Two recently published studies found an association between coffee and caffeine consumption and SNP variants near the same two genes, CYP1A1 and AHR. One study looked at coffee consumption specifically; the other looked at all caffeine consumption including from tea, soda and chocolate, but coffee was by far the main source of caffeine for the participants.Scientists from deCode Genetics in Iceland studied more than 10,000 coffee drinkers in European descent mainly in Europe. Their results published in Human Molecular Genetics in February pinpointed two SNPs near the CYP1A1 and AHR genes. The SNP rs2472297 near CYP1A1 had a fairly consistent effect — people with the T version were prone to drink about a quarter cup more of coffee a day, according to the study.PLoS Biology and included more than 47,000 individuals with European ancestry living in the U.S., made similar findings, noting that people with two copies of a T at rs4410790 near the AHR gene drank about a third of a cup of coffee more each day than those without any copies.“Now, for the first time, we know specific genes that influence the amount of caffeine that individuals consume,” Dr. Neil Caporaso of the National Cancer Institute told the BBC. Caporaso, the co-author of study in the US, noted that while researchers know about associations between hundreds of genes and specific medical conditions, how those variants relate to dietary consumption is less well known.Beyond that, both studies offer intriguing hints about how these two genes might interact, but more research is needed. In the meantime how people relate to their morning fix of java is well known, perhaps best summed up by Johann Sebastian Bach in his “Coffee Cantata:”“How sweet the coffee tastes, more delicious than a thousand kisses . . . . Coffee, I must have coffee . . . . If I don’t get my three cups of coffee each day, I’ll shrivel up like a piece of roast goat.”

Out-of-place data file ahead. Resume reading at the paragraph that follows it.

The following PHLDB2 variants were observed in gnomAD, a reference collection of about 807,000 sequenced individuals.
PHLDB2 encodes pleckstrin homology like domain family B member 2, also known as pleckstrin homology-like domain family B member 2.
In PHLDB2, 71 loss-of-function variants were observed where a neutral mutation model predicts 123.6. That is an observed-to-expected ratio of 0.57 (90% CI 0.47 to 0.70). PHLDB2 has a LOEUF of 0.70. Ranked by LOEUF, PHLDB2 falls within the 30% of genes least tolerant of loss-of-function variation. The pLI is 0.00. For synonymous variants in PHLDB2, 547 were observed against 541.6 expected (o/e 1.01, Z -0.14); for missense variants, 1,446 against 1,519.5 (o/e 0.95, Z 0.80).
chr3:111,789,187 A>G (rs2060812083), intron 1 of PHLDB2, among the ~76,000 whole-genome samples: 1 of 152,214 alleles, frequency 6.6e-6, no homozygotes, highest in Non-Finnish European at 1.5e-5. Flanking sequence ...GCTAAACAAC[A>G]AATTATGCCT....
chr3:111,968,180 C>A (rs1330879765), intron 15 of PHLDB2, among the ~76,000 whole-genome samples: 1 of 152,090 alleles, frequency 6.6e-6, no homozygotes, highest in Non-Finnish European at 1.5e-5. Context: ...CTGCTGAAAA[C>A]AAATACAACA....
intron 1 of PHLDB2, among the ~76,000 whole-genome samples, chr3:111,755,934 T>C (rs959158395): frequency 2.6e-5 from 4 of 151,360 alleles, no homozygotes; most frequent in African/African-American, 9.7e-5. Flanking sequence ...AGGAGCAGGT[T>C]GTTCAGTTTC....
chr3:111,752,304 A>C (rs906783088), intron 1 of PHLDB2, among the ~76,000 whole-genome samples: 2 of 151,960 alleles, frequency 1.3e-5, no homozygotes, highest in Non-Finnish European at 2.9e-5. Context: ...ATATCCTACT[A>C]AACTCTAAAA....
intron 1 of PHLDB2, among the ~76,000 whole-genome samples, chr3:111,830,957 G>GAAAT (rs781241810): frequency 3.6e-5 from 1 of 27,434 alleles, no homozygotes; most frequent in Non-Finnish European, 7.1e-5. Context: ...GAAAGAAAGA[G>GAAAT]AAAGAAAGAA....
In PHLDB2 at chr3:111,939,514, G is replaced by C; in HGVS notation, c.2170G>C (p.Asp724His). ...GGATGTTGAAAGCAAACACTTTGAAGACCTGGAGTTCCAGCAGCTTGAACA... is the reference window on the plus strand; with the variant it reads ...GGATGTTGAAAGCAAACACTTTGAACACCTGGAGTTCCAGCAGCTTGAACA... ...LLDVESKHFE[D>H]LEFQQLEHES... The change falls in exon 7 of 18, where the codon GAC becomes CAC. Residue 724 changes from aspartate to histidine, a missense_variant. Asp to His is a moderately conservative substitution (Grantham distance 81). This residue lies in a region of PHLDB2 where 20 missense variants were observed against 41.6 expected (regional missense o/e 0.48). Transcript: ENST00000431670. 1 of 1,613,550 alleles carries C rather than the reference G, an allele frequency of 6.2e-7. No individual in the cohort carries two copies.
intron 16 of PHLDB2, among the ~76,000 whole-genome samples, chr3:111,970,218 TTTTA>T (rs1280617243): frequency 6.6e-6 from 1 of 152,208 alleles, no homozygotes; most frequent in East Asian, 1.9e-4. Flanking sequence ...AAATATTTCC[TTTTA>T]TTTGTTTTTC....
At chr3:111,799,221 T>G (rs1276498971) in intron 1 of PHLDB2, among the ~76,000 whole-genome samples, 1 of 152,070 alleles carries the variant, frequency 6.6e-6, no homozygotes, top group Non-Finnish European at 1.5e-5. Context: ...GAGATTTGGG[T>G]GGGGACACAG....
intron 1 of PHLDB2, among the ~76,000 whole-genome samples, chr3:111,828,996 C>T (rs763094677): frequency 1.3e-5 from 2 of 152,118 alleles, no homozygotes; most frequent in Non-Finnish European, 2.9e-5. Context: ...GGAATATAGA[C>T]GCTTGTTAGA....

Whether you reach for a Starbuck’s Venti – the “Big Gulp” of coffee servings – or a wee size cup of Joe in the morning, or none at all, might be influenced by your genes.